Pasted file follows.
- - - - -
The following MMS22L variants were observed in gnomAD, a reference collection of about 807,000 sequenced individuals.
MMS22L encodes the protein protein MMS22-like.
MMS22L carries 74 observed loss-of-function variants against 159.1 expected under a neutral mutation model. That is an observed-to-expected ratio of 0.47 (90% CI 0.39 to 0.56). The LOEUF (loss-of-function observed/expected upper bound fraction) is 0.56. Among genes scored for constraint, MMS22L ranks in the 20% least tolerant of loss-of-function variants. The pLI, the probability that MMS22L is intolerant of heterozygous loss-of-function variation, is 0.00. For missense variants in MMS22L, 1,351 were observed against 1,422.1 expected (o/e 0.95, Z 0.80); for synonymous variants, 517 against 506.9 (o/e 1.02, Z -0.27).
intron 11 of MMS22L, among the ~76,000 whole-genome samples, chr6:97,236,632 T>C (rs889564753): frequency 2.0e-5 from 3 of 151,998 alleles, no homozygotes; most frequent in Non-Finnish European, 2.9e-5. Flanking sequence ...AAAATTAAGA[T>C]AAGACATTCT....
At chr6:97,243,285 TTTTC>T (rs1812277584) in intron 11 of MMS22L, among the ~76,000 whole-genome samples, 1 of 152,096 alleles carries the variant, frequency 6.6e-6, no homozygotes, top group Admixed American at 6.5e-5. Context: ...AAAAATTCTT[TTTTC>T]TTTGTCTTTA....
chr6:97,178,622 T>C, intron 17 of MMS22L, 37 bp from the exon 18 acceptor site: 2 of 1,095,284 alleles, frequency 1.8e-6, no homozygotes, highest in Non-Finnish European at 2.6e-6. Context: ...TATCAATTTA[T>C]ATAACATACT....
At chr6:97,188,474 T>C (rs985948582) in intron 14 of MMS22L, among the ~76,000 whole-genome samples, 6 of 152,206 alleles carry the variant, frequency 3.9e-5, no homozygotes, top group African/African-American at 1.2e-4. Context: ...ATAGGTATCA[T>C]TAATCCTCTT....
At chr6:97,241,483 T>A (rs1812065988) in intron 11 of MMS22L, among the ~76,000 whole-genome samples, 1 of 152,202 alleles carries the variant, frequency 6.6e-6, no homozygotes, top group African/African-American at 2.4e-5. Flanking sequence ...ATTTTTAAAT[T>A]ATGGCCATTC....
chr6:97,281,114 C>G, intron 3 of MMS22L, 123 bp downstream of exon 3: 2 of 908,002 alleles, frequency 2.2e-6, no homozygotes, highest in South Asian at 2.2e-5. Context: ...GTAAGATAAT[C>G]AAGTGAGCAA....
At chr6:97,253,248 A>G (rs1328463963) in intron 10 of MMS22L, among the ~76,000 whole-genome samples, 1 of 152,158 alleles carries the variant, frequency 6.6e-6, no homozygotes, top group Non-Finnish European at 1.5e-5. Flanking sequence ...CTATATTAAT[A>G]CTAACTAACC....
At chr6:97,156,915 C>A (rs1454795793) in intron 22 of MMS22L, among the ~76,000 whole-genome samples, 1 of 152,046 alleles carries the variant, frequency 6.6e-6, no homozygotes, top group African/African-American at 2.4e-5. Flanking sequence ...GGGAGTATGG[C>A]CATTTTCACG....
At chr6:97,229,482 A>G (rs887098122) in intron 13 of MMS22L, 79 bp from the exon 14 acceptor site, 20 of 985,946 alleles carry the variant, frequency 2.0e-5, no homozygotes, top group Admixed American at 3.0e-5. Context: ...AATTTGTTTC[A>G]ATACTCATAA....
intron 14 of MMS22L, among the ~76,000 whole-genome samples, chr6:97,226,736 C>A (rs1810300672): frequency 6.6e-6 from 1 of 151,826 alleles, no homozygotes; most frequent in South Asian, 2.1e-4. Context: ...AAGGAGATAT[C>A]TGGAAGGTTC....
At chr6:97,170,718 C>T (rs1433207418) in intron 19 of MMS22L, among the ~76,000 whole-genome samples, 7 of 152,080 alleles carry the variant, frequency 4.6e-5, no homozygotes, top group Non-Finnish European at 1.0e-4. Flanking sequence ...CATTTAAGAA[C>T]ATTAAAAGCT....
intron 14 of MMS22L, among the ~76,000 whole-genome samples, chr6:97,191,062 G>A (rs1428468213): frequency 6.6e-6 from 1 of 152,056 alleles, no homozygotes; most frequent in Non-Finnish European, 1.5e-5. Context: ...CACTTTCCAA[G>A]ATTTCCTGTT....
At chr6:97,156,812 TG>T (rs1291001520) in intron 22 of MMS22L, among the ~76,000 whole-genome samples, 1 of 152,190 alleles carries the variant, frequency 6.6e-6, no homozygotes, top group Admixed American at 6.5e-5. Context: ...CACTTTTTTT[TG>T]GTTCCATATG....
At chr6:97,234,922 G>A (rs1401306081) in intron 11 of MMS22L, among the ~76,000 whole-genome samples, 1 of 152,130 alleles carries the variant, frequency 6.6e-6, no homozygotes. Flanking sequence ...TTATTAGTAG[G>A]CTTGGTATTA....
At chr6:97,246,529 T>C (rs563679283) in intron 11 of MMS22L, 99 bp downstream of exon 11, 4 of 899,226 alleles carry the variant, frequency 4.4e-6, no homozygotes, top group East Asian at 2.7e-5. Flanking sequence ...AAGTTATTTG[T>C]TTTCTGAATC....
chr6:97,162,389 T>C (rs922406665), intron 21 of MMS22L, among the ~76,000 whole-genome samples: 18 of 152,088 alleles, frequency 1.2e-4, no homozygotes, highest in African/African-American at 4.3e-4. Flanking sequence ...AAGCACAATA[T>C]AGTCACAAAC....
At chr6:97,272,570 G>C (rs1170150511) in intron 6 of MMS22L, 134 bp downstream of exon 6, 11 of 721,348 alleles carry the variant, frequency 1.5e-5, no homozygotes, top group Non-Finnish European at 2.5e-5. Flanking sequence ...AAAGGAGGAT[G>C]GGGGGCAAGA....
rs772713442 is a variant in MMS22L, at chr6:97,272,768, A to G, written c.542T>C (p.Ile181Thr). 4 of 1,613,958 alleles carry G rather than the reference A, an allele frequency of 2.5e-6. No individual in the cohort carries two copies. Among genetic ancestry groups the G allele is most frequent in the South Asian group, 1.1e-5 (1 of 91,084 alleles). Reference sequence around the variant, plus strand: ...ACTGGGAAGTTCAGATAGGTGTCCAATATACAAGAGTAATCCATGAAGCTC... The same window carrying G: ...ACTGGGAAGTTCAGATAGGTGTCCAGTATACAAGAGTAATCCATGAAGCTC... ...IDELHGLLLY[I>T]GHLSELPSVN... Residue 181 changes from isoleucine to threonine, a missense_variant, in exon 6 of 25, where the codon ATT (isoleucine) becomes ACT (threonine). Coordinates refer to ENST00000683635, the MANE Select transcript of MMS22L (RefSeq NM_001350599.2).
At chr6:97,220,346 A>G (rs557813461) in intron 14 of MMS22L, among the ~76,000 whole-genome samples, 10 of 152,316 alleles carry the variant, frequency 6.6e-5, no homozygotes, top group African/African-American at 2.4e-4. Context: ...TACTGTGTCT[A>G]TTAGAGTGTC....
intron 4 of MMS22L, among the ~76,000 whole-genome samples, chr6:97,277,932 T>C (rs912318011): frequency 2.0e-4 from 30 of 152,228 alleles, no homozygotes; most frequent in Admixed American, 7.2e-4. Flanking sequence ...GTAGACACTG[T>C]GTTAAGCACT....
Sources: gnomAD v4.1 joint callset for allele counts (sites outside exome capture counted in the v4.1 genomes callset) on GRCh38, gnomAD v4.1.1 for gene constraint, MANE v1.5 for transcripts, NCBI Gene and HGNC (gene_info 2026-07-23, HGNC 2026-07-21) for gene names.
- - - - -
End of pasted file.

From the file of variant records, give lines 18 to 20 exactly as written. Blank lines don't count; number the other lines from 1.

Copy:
At chr6:97,246,529 T>C (rs563679283) in intron 11 of MMS22L, 99 bp downstream of exon 11, 4 of 899,226 alleles carry the variant, frequency 4.4e-6, no homozygotes, top group East Asian at 2.7e-5. Flanking sequence ...AAGTTATTTG[T>C]TTTCTGAATC....
chr6:97,162,389 T>C (rs922406665), intron 21 of MMS22L, among the ~76,000 whole-genome samples: 18 of 152,088 alleles, frequency 1.2e-4, no homozygotes, highest in African/African-American at 4.3e-4. Flanking sequence ...AAGCACAATA[T>C]AGTCACAAAC....
At chr6:97,272,570 G>C (rs1170150511) in intron 6 of MMS22L, 134 bp downstream of exon 6, 11 of 721,348 alleles carry the variant, frequency 1.5e-5, no homozygotes, top group Non-Finnish European at 2.5e-5. Flanking sequence ...AAAGGAGGAT[G>C]GGGGGCAAGA....